Swedish Vintersorg, essentially Andreas Hedlund and Matthias Marklund, is a symphonic banquet for the ears, with fresh and growling vocal lines soaring over luscious guitar riffs, lavish keyboard passages and even the occasional flute, violin and harpsichord adding a baroque feel to the whole feast. “Orkan” (hurricane), the eighth release from the band, follows on from the release of “Jordpuls” (earth), which featured a solid set of compositions paving the way for this opus.
The production on “Orkan” is raw when it needs to be, yet sterile where appropriate, which is a refreshing combination of techniques to complement the dense arrangements. What initially catches the attention on first listening to this release is the plethora of insanely memorable riffs and vocal lines. This is particularly apparent on the title track of the album ‘Orkan’ which is virtually raging with rhythm, vitality and joy. The second track, ‘Ur Stjarnstoft Ar Vi Komna’ bounces along astride grandiose guitar riffs and regal keyboard lines that are at once uplifting, enlightening and intriguing. ‘Polarnatten’ (polar night) opens with an almost fairytale like refrain before the mysticism is buffeted to one side by searing black metal. The opening track ‘Istid’ (ice age) could be argued to be one of the stronger tracks on this release, however, as clean, melodic vocals skirt around brutal growls, over a maelstrom of guitar chords and blast beat percussion. All the elements that make up the tapestry of “Orkan” are on show here.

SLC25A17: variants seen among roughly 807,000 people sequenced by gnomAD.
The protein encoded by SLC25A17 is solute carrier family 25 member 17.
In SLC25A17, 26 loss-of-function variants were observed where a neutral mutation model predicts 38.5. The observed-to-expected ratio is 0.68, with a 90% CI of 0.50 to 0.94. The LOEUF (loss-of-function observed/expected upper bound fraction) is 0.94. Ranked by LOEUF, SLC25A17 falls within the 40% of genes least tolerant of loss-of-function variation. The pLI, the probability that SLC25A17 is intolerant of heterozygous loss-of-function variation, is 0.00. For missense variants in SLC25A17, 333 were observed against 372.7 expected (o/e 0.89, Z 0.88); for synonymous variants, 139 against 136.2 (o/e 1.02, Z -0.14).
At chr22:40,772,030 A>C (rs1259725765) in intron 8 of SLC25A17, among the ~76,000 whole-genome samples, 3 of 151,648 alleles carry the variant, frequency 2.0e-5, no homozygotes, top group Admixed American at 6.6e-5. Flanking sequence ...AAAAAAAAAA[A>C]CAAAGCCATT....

This release undoubtedly showcases the vast array of compositional skills available within Vintersorg, sometimes several times within the same passage. Scenarios of ferocious Viking battle sit alongside tales of love and romanticism, but these disparate scenes come together to form a cohesive journey that would never disappoint the enthusiastic listener. This imagery may polarise the reader, but it would be reductionist to allow this. There are some evocative guitar solos which appear wholly in keeping with the moral fibre of the album, as can be heard on tracks such as ‘Istid’ and ‘Polarnatten’, which help stage the talent and restraint of those involved. Each song on “Orkan” is satisfyingly lengthy enough to allow the tempo and stylistic turns room to evolve without appearing claustrophobic. Some have described this style of metal as folk metal, characterised by this apparently seamless blend of catchy phrases and unforgettable vocal lines. With the themes of earth and air already considered, expect further releases from Vintersorg based upon the elements.
Indeed the cover art to this release, featuring a squally sea, evokes imagery of Viking mysticism and legend, which, to those willing to embrace the culture, is a perfect illustration from which to indulge the senses. An indication as to the quality of this release can be gleaned from the feeling of recognition to be had from the first listen through. A contrasting collection of textures within a single composition can occasionally appear fragmented and ugly. Not so with “Orkan”. The story is told with fluidity and grace and should be used as a template for progressive ideology, despite this reviewer not speaking a word of Swedish. Any description of progressive metal, then, should contain at least one reference to the work of Hedlund, Marklund and Vintersorg.